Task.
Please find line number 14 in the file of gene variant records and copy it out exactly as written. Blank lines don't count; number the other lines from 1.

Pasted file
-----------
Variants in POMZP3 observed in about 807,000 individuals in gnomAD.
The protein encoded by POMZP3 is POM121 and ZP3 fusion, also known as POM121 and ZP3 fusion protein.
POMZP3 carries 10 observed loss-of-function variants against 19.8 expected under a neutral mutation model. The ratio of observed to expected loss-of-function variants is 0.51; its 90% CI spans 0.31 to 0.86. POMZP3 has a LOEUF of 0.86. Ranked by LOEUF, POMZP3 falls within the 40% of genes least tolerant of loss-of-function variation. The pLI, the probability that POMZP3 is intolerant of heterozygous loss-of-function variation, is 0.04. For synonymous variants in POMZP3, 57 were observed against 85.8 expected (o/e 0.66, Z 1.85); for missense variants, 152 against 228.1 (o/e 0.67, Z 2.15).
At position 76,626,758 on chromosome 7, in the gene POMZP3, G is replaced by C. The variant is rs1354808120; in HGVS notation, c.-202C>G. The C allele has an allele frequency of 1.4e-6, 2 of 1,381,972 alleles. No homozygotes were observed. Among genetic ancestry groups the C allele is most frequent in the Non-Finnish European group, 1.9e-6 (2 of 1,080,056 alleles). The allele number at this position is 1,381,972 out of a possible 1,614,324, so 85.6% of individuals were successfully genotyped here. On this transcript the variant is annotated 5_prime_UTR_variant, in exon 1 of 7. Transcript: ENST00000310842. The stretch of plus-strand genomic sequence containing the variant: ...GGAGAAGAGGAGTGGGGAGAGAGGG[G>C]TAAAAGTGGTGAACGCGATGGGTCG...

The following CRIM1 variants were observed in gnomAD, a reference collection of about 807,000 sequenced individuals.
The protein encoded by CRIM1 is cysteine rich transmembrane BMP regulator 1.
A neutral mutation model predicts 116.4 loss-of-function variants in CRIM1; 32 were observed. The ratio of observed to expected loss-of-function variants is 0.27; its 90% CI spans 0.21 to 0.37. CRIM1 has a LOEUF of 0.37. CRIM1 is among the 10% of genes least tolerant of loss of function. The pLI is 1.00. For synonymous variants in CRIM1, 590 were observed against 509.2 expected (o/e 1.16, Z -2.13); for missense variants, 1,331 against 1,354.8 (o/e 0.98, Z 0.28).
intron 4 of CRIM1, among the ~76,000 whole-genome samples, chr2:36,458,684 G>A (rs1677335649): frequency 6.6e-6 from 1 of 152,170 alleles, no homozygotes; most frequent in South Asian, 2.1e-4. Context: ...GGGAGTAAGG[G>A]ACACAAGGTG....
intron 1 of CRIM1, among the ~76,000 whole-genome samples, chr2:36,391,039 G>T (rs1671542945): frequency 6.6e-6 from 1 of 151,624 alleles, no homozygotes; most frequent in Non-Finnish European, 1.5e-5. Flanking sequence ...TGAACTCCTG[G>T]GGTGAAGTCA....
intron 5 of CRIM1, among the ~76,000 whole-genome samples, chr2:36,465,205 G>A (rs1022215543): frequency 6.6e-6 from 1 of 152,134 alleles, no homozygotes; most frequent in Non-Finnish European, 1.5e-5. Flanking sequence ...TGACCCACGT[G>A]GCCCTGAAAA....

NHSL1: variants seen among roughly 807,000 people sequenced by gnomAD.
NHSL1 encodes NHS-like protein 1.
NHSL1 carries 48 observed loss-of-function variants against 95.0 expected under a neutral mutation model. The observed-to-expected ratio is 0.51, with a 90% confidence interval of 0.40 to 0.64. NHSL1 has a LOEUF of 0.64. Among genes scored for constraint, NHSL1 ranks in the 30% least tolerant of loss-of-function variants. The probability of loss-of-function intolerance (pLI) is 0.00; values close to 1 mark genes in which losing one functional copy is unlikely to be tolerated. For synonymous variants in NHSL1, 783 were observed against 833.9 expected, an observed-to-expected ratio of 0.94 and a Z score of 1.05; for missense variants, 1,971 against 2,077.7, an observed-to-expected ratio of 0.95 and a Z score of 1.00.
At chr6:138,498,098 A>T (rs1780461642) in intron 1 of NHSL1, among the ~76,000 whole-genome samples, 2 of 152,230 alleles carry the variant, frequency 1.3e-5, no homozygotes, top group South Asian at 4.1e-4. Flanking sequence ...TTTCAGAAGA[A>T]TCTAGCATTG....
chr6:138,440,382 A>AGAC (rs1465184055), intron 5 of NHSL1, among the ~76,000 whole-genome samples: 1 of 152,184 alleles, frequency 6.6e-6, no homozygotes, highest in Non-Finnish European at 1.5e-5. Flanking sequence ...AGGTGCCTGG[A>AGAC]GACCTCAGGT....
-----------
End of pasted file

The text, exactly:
At chr6:138,498,098 A>T (rs1780461642) in intron 1 of NHSL1, among the ~76,000 whole-genome samples, 2 of 152,230 alleles carry the variant, frequency 1.3e-5, no homozygotes, top group South Asian at 4.1e-4. Flanking sequence ...TTTCAGAAGA[A>T]TCTAGCATTG....